Responses

Download PDFPDF
Cardiac CT: non-coronary applications
Compose Response

Plain text

  • No HTML tags allowed.
  • Web page addresses and e-mail addresses turn into links automatically.
  • Lines and paragraphs break automatically.
Author Information
First or given name, e.g. 'Peter'.
Your last, or family, name, e.g. 'MacMoody'.
Your email address, e.g. higgs-boson@gmail.com
Your role and/or occupation, e.g. 'Orthopedic Surgeon'.
Your organization or institution (if applicable), e.g. 'Royal Free Hospital'.
Statement of Competing Interests

PLEASE NOTE:

  • Responses are moderated before posting and publication is at the absolute discretion of BMJ, however they are not peer-reviewed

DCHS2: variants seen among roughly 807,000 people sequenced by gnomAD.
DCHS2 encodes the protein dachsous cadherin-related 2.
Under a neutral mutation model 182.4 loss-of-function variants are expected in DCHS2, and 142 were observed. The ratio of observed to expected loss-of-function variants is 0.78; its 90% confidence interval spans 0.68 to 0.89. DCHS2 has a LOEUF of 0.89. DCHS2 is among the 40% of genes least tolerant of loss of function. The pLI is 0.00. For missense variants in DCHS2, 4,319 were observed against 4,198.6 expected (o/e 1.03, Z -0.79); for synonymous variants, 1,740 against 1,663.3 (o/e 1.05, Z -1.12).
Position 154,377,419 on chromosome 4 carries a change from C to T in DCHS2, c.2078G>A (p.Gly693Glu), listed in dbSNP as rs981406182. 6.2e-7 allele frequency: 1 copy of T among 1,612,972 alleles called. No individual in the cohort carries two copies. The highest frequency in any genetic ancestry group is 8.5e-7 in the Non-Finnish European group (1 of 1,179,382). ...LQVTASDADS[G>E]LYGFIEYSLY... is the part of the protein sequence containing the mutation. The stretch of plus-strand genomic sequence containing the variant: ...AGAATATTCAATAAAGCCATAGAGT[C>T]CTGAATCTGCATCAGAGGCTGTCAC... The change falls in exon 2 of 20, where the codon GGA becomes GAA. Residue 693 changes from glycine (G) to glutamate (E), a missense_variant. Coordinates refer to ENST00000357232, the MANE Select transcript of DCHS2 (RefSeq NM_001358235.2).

• Once published, you will not have the right to remove or edit your response. Removal or editing of responses is at BMJ's absolute discretion
  • If patients could recognise themselves, or anyone else could recognise a patient from your description, please obtain the patient's written consent to publication and send them to the editorial office before submitting your response [Patient consent forms]
  • By submitting this response you are agreeing to our full [Response terms and requirements]

Vertical Tabs

Other responses

Jump to comment:

  • Published on:
    Cardiac CT for non-cardiac chest pain
    • Mayada H. Issa, M.D.
    • Other Contributors:
      • Vijayalakshmi Rajasekaran,, M.D.

    To the editor, The review by Goapalan, et al. on the non- coronary applications of cardiac CT(1) highlights the appeal of making a diagnosis in a time efficient for patients presenting with chest pain. However it is not uncommon to have other incidental pathological findings which may or may not be related to the presenting symptoms. Researchers have reported a prevalence of 56% of incidental non- coronary findings, 15%...

    Show More
    Conflict of Interest:
    None declared.